Page 1 of 8 123 ... LastLast
Results 1 to 10 of 86

Thread: Touring Chernobyl In 2010

Hybrid View

  1. #1
    Join Date
    Jan 2007
    Posts
    15,388

    Default Touring Chernobyl In 2010

    Phoronix: Touring Chernobyl In 2010

    I just returned to the United States after being in Ukraine the past five days over Easter weekend. The purpose of this trip was to explore the site of the Chernobyl nuclear accident and surrounding areas -- Kyiv, Pripyat, the Red Forest, etc. Contrary to some initial beliefs, it was not an April Fools' Joke. Due to the great interest in Chernobyl among those interested in science and technology whether it be due to the fascination with nuclear power or finding Chernobyl popularized by video games, documentaries, and the like, I have published my collection of these photographs of Chernobyl showing what the area looks like in 2010 -- just days prior to the 24th anniversary of this catastrophic disaster -- along with some of my thoughts and information collected from this journey.

    http://www.phoronix.com/vr.php?view=14747

  2. #2
    Join Date
    Mar 2007
    Location
    West Australia
    Posts
    372

    Default

    It's like a real life fallout 3.
    Very interesting to see. I remember seeing pictures of the site where they buried all these military vehicles.

  3. #3
    Join Date
    Jan 2010
    Posts
    52

    Default

    Wish they would find a less dangerous power source - too many lives lost. Thou with the current power hungriness of people that ain't gonna happen.

  4. #4
    Join Date
    Aug 2009
    Location
    Russe, Bulgaria
    Posts
    538

    Default

    Quote Originally Posted by SkyHiRider View Post
    Wish they would find a less dangerous power source - too many lives lost. Thou with the current power hungriness of people that ain't gonna happen.
    The power on the planet is not a little, the people are many.

  5. #5
    Join Date
    Aug 2007
    Location
    Poland
    Posts
    215

    Default

    After seeing all those pictures I can't really say a thing...
    It's incredible to imagine what has happened there.

  6. #6
    Join Date
    Jan 2009
    Posts
    86

    Default

    A few comments:

    Testing of this nuclear safety feature in April of 1986 turned into this deadly disaster as established procedures were not followed and in the minutes leading up to the accident, emergency warnings were ignored and mistakes were made. There also proved to be several flaws within the design of the Soviet RBMK nuclear reactor and in its construction.
    According to the testimony of Anatoly Dyatlov, all the instruments read normal just six seconds prior to the explosion. Instrumentation was probably inadequate here, as it's considered likely that there was a "hot spot" that formed in the lower half of the reactor which went undetected.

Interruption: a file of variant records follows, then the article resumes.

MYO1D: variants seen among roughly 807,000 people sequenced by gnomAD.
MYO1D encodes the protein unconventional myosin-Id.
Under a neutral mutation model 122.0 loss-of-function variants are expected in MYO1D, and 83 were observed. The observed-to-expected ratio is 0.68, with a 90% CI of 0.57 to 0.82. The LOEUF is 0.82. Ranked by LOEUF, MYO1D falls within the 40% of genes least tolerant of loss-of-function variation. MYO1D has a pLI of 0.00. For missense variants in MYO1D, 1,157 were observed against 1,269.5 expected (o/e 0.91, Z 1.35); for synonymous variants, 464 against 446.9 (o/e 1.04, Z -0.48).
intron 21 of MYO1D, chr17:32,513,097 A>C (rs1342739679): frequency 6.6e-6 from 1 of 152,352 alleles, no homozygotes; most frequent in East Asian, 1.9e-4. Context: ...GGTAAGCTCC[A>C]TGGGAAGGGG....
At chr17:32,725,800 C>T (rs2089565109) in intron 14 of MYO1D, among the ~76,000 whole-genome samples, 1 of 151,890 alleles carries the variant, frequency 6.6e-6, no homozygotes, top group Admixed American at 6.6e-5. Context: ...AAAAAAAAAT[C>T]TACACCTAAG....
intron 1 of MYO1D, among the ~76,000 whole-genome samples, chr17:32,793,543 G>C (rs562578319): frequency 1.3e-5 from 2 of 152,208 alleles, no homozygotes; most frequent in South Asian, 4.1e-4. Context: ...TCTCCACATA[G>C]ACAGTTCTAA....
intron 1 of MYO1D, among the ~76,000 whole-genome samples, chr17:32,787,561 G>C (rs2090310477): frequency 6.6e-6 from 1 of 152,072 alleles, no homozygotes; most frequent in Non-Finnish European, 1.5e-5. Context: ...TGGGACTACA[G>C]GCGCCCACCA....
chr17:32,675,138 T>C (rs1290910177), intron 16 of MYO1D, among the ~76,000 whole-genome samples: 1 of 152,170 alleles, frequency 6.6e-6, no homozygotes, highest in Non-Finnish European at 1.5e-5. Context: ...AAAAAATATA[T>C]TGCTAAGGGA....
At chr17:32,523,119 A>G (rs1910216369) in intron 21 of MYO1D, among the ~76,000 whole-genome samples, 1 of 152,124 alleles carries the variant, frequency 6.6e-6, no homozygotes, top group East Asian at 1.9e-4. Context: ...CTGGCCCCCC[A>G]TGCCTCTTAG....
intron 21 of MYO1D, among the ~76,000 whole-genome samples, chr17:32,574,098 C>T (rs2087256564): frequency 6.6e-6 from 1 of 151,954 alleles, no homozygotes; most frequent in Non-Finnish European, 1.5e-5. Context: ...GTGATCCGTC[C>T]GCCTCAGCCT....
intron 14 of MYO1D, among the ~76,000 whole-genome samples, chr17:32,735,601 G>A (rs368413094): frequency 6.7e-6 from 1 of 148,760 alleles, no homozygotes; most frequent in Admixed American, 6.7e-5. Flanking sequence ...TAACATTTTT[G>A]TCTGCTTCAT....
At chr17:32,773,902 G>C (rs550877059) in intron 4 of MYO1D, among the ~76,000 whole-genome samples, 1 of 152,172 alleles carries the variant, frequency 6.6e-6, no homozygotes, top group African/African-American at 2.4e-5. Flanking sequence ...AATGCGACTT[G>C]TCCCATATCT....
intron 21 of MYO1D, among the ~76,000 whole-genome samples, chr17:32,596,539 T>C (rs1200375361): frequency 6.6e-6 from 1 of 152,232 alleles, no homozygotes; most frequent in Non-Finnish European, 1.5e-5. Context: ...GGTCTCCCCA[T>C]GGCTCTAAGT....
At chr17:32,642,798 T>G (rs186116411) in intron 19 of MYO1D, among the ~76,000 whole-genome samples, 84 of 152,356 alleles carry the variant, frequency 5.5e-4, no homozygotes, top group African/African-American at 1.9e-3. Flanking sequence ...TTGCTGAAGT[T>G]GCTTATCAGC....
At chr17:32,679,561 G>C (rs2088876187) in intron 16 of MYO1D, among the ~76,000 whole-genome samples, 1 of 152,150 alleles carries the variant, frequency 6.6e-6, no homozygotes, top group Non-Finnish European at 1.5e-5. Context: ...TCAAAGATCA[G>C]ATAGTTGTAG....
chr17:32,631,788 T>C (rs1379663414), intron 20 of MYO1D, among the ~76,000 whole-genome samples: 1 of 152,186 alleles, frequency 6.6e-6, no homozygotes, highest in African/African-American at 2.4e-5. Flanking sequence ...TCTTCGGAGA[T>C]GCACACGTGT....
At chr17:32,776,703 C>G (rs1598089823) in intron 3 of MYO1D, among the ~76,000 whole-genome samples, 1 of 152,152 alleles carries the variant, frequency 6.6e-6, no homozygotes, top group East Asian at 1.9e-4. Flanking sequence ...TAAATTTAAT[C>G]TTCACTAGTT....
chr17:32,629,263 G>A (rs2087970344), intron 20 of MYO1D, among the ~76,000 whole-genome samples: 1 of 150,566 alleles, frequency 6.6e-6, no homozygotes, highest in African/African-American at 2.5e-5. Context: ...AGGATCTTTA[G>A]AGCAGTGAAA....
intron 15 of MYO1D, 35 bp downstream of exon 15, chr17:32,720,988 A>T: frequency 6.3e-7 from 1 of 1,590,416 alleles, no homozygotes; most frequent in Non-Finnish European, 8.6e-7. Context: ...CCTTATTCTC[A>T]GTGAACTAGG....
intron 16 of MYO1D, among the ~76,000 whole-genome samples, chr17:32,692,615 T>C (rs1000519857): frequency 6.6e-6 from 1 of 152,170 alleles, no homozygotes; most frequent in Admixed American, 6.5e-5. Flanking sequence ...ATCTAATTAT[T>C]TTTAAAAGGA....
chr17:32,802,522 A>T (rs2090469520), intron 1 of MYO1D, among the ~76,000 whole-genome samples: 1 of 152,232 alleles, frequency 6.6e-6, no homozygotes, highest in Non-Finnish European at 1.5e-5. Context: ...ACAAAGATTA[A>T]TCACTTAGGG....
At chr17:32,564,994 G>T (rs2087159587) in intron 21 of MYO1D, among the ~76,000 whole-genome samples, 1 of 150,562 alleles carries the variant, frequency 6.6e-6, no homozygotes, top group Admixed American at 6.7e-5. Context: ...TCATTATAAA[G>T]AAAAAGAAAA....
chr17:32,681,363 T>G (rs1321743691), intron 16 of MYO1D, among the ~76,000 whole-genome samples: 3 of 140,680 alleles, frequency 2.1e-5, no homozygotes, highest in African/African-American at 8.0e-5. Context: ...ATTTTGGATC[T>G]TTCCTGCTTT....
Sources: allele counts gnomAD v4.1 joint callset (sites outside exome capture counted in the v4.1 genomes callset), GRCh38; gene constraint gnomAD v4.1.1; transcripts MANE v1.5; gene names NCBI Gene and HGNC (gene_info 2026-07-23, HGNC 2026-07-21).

The RBMK reactor was known to be less stable at low power levels than at high power, and it was originally instructed that they perform the test at about 60% power. However, due to electricity demand they were forbidden to shut down the reactor for several hours after when the test was supposed to start, which caused Xenon to build up (which is a strong poison). The reaction rate tanked, and they removed a bunch of control rods to try and get it back up, finally deciding to run the test at much lower power than anticipated (~14% iirc).

    Again according to Dyatlov, the test completed successfully and the control rods were being reinserted to shut the reactor down after completion. The control rods, however, were tipped with graphite which moderated the reaction and when first inserted actually *increased* the reaction rate. (A fault which was first discovered in an incident at the Ignalina plant).

    Canadian simulations suggest that the control rods were actually able to successfully deactivate the top half of the reactor, but there was still enough material in the lower half that it was able to operate essentially independantly from the top half.

    Worth noting is that none of the reactors at Chernobyl had a containment building, which is effectively an airtight shield made of steel and concrete that covers the nuclear reactor and presents radiation from escaping into the atmosphere.
    The RBMK was a very tall reactor, especially factoring in the fuel cranes on the top, and they didn't consider it practical to add even more to the height by adding a heavy containment to the top. They did, however, have a fairly robust accident localisation system (ALS) for the bottom half of the reactor (a lot of good that did).

    (Sweden was reportedly the first country to notice the increase in airborne radiation)
    Yep - the Forsmark power plant registered somethat higher radiation levels at their detectors and shut themselves down for inspection thinking that they might have had a leak. They didn't find one.

    The sarcophagus did help in preventing greater amounts of radioactive material from escaping into the atmosphere, but it's fallen into a state of disrepair with cracks appearing along the roof and the entire structure is considered unstable and being at a risk of collapse.
    The sarcophagus is built upon the existing structure of the reactor 4 building, which is considered unsound as one of the major supports was severely bent in the explosion. Simulations suggest that a tremor of 7 or above on the Richter scale (which happen in the area about once every 30 years or so) could cause the thing to collapse.